'He just decided he was going to walk.'
For his entire life, 10-year-old Saviour Mbamba only crawled, pulling himself on his battered hands, while his friends at the orphanage in Ghana played soccer around him.
His family didn’t understand his medical diagnosis of cerebral palsy, and his village banished him as evil. Saviour arrived at the Nazareth Home for God’s Children in the care of a nun named Sister Stan when he was 4 years old. He doesn’t remember life before that.
To keep Saviour and another 56 children clothed and fed in a safe home, Sister Stan makes fundraising trips to the United States, where she speaks at churches. When she visited her cousin’s parish in North Charleston a few years ago, she met a couple who would change Saviour’s life.
After listening to Sister Stan’s presentation, retired nurse Joan Tucker knew she wanted to serve those children. “I told her, ‘I can help you with a contribution, but I can help you physically, too,’” Joan remembered. She talked with her husband, Bill, and he agreed to stay home and plan Sister Stan’s future visits to the United States, while Joan worked in Ghana.
Joan first visited the Nazareth Home in January of 2015. She spent her days making medical files for each child and accompanying children to a clinic in town, a facility without air-conditioning, where the Sahara wind blows sand into exam rooms and onto operating tables, and where having a sink does not mean available water. Whenever Joan returned from those trips, little Saviour would wedge himself into a gutter to sit up and greet her – waving and flashing his wide smile.
|Saviour laughs with Joan Tucker on her porch in late December. Photos by Sarah Pack|
Joan recognized that surgery could correct Saviour’s legs enough for him to sit comfortably in a wheelchair. A specialist in limb deformities at Shriners Hospital in Greenville agreed to perform the operation this past summer, and Joan and Bill arranged for Saviour to travel to Charleston to recover with them.
Administrative problems with his visa delayed his trip to the point that a scheduler called to confirm Saviour’s surgery, but Saviour was still in Africa. “I said we’ll be there,” Joan recalled. “I knew in my heart God would get him here.”
Saviour touched down at 6 p.m. in Charleston one June evening and underwent the procedure to correct his legs in Greenville the next day at noon. Despite a leg break in two places, Saviour declined medication and never complained, as he learned to navigate life for six weeks in casts in a strange country.
Suzanne Cherry, an MUSC graduate and director of rehabilitation at Shriners Hospital, reached out to Dr. Cindy Dodds in the physical therapy division at the MUSC College of Health Professions to see if Dr. Dodds could help Saviour work on his movement back in Charleston.
Dr. Dodds and her students helped Saviour strengthen his legs during visits to the college several times a week for months. Saviour worked with students in the Camden Scott Meyer Pediatric Lab, a play-as-therapy space at the College of Health Professions funded through private gifts. Local company Floyd Brace donated orthotics and bracing for Saviour’s shoes to help make him as comfortable and as mobile as possible.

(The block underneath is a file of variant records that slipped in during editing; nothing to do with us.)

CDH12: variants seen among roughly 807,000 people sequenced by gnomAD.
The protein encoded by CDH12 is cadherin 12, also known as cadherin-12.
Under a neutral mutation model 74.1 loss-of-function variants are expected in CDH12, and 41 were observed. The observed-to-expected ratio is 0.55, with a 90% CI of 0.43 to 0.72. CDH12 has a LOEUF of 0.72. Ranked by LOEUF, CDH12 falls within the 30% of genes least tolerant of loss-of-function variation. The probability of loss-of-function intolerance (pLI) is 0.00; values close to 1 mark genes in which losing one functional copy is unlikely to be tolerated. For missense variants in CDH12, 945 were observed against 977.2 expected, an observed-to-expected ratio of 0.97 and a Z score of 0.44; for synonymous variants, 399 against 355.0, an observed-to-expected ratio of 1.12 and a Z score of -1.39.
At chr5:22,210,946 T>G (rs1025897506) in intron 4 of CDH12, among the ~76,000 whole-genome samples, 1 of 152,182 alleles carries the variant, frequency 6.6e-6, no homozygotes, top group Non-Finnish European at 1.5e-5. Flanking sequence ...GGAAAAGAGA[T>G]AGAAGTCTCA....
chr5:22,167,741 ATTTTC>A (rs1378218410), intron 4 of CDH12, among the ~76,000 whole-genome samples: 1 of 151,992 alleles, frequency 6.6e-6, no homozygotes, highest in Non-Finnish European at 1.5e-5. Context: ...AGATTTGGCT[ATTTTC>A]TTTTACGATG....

Dr. Patty Coker-Colt, Dr. Dodds’ colleague in occupational therapy, arranged for students to visit the Tuckers’ home to work with Saviour every day for weeks, providing constraint-induced movement therapy, a rehabilitation technique designed to improve upper extremity function.
The two groups of therapists helped Saviour practice using his wheelchair, brushing his teeth and eventually standing on his own. Then, one day, as Bill remembered, “He just decided he was going to walk.”
Saviour was supposed to return to Ghana in October, but because of his success in therapy, the Tuckers extended his visa until the new year.
|Bill Tucker walks with Saviour to the Camden Scott Meyer Pediatric Lab in the College of Health Professions.|
By October, Saviour not only could stand up on his own; he put on a Halloween costume and went trick-or-treating. He dressed as Chase, a German shepherd police dog and his favorite PAW Patrol character, and visited his buddies from the College of Health Professions in the Camden Scott Meyer Pediatric Lab.
There Dr. Coker-Bolt’s pediatric occupational therapy class played games with Saviour – writing letters on mats in shaving cream, drawing PAW Patrol characters, hitting balloons -- all with the purpose of making him even stronger on his weakest side. Bill watched and smiled. “This is a guy doctors said would never walk,” he said. “But he’ll go home today and practice, practice, practice everything they did.”
In the six months he spent in South Carolina, Saviour grew five inches and gained seven pounds. He celebrated his first Thanksgiving and learned that Santa Claus says “ho ho ho!”
He watched a Charleston Battery soccer game and skated at the Carolina Ice Palace. He swam in the Tuckers’ pool and at the beach. He joined the Tuckers for a family trip to the North Carolina mountains.
Bill and Joan’s daughter printed photos from their vacation on dog tags that wouldn’t get lost as easily back at the orphanage. On one side of the dog tag Saviour, Joan and Bill give a thumbs-up on his first train ride, and on the opposite side they smile against a backdrop of yellow fall leaves.
Right before he left Charleston, Saviour had an opportunity that proved rare for even local children: a chance to make snow angels after this January’s winter storm.
Joan and Saviour flew back to Ghana a few days later. Joan will stay for several weeks to help Saviour readjust, and he returns to Charleston in the summer for Camp Hand to Hands at the College of Health Professions, a yearly program to help children like him, also made possible through the Camden Scott Meyer Pediatric Fund.
Saviour wasn’t sad about returning to the orphanage. He missed his friends, and now he can play soccer with them.